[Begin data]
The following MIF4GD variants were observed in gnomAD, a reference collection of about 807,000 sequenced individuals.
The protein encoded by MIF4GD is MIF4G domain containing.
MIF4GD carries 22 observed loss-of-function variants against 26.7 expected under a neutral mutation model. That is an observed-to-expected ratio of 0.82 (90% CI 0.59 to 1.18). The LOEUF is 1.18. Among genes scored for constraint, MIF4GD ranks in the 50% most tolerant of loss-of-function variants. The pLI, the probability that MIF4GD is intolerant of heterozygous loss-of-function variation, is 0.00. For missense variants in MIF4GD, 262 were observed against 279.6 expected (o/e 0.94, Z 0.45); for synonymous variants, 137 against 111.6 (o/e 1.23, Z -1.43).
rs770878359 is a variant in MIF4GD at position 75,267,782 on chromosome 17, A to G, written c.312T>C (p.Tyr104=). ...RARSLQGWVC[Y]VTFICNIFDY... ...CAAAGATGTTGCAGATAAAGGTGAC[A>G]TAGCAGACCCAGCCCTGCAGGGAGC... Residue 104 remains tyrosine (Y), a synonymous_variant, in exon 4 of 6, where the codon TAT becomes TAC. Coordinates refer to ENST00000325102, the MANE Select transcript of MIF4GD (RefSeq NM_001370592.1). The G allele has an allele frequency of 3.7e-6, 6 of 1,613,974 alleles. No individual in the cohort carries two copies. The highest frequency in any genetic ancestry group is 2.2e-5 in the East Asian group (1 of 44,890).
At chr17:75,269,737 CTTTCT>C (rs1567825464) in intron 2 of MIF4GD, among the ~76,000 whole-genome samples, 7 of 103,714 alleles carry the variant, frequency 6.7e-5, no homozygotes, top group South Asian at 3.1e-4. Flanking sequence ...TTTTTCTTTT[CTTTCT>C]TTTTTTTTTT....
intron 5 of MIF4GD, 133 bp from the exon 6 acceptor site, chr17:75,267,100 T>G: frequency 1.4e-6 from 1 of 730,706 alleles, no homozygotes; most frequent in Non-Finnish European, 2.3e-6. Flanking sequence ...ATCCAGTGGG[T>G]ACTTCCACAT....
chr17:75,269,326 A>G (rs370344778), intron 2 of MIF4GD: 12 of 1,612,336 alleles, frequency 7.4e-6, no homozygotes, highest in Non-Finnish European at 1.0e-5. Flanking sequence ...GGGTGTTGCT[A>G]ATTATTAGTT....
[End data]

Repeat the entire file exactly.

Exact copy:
The following MIF4GD variants were observed in gnomAD, a reference collection of about 807,000 sequenced individuals.
The protein encoded by MIF4GD is MIF4G domain containing.
MIF4GD carries 22 observed loss-of-function variants against 26.7 expected under a neutral mutation model. That is an observed-to-expected ratio of 0.82 (90% CI 0.59 to 1.18). The LOEUF is 1.18. Among genes scored for constraint, MIF4GD ranks in the 50% most tolerant of loss-of-function variants. The pLI, the probability that MIF4GD is intolerant of heterozygous loss-of-function variation, is 0.00. For missense variants in MIF4GD, 262 were observed against 279.6 expected (o/e 0.94, Z 0.45); for synonymous variants, 137 against 111.6 (o/e 1.23, Z -1.43).
rs770878359 is a variant in MIF4GD at position 75,267,782 on chromosome 17, A to G, written c.312T>C (p.Tyr104=). ...RARSLQGWVC[Y]VTFICNIFDY... ...CAAAGATGTTGCAGATAAAGGTGAC[A>G]TAGCAGACCCAGCCCTGCAGGGAGC... Residue 104 remains tyrosine (Y), a synonymous_variant, in exon 4 of 6, where the codon TAT becomes TAC. Coordinates refer to ENST00000325102, the MANE Select transcript of MIF4GD (RefSeq NM_001370592.1). The G allele has an allele frequency of 3.7e-6, 6 of 1,613,974 alleles. No individual in the cohort carries two copies. The highest frequency in any genetic ancestry group is 2.2e-5 in the East Asian group (1 of 44,890).
At chr17:75,269,737 CTTTCT>C (rs1567825464) in intron 2 of MIF4GD, among the ~76,000 whole-genome samples, 7 of 103,714 alleles carry the variant, frequency 6.7e-5, no homozygotes, top group South Asian at 3.1e-4. Flanking sequence ...TTTTTCTTTT[CTTTCT>C]TTTTTTTTTT....
intron 5 of MIF4GD, 133 bp from the exon 6 acceptor site, chr17:75,267,100 T>G: frequency 1.4e-6 from 1 of 730,706 alleles, no homozygotes; most frequent in Non-Finnish European, 2.3e-6. Flanking sequence ...ATCCAGTGGG[T>G]ACTTCCACAT....
chr17:75,269,326 A>G (rs370344778), intron 2 of MIF4GD: 12 of 1,612,336 alleles, frequency 7.4e-6, no homozygotes, highest in Non-Finnish European at 1.0e-5. Flanking sequence ...GGGTGTTGCT[A>G]ATTATTAGTT....